Cause and Effect

Project:  A simple idea, easily accomplished.  The purpose of this display is to give small children – infants really – the opportunity to experience cause and effect.

Challenges:  Everyone experiences cause and effect everyday, of course.  For this project, I needed to make the cause and effect more striking than that which is normally experienced by infants.  Further, the display had to be arranged so that an infant could “accidentally” active the system and then easily repeat the experience if so inclined.  Also, the look of the cabinet was important in that it was a part of a larger under-seascape.  I worked with one of the museum’s other designers so that she could add embellishments that would blend with her design and the brilliant mural she painted for the Infant Area.  She also chose the stain – basically a watered down blue paint – that turned out beautifully.  This is one of those exceptional projects in which carpentry, mechanics, and wiring all figured prominently.

Solutions: To make the cause and effect striking, it needed to have two qualities: 1) the effect had to be very conspicuous, and 2) the cause and effect needed to be very closely related in the temporal sense.  The first was easy: I just made some seaweed (or stag-horn coral, however you wish to interpret it), or unicorns, or little fish wave, spin, or jump.  The objects that are put in motion in the display are cut from brightly colored clear Plexiglas, are large compared to an infant, and are just a few inches from the operating infant’s face as they move.  (One way to make a very noticeable effect is simply to have a loud noise.  Small children find this off-putting, however, so this was not an option.)  The second problem was also fairly easy, with a small twist.  The motion starts the moment the switch is pressed, simple enough.  A problem arose with the initial mechanism is that the component would continue to move for a brief time after the switch was released due to the motor’s coasting down.  This was unacceptable for the purposes of the display.  It was easily fixed by driving the components with a low-geared gearhead motor, which winds down so quickly that there is hardly a detectable delay between the switch’s release and the cessation of motion.  Another aspect of cause and effect displayed by this device is that a particular cause relates to particular effect.  Each of the square buttons is a different color and causes a different thing to happen.  Contrariwise, the second and fourth buttons are the same shape and the same color and cause the same thing to happen.  (They do not cause any motion in the cabinet but, rather, light up the entire display.)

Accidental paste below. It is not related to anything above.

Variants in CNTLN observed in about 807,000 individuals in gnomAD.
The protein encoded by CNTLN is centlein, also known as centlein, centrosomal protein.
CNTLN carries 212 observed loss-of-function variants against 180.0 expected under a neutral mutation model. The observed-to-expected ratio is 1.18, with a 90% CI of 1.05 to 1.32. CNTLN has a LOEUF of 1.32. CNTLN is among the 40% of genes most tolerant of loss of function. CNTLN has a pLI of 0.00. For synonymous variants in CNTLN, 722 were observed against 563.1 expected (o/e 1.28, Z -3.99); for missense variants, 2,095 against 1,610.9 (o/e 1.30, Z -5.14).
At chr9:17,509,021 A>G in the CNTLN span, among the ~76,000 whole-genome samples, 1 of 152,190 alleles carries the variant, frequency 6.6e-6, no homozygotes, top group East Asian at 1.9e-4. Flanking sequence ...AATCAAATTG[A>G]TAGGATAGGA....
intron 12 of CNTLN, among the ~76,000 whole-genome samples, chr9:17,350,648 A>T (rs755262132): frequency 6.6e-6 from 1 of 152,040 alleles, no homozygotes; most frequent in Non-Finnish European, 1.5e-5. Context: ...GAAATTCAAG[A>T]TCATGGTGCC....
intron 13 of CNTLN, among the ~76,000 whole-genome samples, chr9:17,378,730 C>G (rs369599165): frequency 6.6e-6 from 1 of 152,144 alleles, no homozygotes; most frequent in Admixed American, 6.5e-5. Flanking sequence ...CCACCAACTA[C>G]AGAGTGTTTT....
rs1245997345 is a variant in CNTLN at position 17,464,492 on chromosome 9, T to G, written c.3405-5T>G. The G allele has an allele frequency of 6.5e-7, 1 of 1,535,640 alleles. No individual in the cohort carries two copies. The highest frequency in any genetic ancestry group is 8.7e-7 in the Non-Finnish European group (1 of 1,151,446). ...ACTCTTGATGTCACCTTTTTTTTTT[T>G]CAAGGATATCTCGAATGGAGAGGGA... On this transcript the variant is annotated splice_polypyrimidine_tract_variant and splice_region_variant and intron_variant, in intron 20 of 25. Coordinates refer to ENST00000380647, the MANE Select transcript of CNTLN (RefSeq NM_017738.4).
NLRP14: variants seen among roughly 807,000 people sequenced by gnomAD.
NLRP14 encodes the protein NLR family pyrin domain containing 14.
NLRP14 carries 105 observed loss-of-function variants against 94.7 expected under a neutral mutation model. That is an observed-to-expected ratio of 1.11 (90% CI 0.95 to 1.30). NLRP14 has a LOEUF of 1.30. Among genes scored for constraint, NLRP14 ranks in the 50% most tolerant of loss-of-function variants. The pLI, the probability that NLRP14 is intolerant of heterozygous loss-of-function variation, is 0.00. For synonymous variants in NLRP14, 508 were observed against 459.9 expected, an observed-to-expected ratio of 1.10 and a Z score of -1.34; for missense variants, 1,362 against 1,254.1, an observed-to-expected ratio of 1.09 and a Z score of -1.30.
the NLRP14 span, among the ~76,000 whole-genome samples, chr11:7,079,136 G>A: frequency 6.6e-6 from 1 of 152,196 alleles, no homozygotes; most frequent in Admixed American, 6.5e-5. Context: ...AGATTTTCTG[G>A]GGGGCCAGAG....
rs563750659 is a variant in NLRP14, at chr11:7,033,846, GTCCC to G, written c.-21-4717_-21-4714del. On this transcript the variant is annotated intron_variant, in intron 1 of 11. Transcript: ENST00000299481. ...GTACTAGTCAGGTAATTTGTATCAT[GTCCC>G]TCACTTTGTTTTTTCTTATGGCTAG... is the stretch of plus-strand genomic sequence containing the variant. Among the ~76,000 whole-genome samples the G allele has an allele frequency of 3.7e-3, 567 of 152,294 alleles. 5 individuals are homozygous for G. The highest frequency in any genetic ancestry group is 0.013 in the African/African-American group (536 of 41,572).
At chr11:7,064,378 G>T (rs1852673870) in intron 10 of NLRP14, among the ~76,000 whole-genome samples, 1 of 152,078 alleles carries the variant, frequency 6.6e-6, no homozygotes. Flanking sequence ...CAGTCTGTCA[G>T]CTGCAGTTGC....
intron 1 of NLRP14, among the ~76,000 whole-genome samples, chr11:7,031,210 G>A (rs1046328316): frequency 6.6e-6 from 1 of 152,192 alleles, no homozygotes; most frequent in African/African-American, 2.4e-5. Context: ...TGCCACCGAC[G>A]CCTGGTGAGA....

Finally, the display is physically situated in the space (only a few inches above the floor mats) so that an infant in the act of pulling him or herself up will frequently hit one of the rather large, pressure sensitive switches.  The switches are so large that, once the infant is in the standing position, they can barely help but to press them at one time or another.

This display has been extensively refurbished.  Click here to see the updated entry.